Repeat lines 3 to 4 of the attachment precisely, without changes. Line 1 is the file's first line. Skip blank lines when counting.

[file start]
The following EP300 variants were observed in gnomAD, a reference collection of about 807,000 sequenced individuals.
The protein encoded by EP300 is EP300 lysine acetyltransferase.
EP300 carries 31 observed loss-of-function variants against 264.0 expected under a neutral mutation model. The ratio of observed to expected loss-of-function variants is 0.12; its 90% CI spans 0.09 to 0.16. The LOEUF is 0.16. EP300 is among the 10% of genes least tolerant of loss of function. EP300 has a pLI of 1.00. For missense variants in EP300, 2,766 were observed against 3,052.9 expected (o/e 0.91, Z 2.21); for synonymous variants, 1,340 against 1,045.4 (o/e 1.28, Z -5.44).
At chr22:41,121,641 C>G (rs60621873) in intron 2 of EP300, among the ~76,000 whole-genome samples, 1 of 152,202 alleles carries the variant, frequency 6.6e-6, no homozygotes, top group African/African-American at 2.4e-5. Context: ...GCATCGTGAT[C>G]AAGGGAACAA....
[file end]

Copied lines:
EP300 carries 31 observed loss-of-function variants against 264.0 expected under a neutral mutation model. The ratio of observed to expected loss-of-function variants is 0.12; its 90% CI spans 0.09 to 0.16. The LOEUF is 0.16. EP300 is among the 10% of genes least tolerant of loss of function. EP300 has a pLI of 1.00. For missense variants in EP300, 2,766 were observed against 3,052.9 expected (o/e 0.91, Z 2.21); for synonymous variants, 1,340 against 1,045.4 (o/e 1.28, Z -5.44).
At chr22:41,121,641 C>G (rs60621873) in intron 2 of EP300, among the ~76,000 whole-genome samples, 1 of 152,202 alleles carries the variant, frequency 6.6e-6, no homozygotes, top group African/African-American at 2.4e-5. Context: ...GCATCGTGAT[C>G]AAGGGAACAA....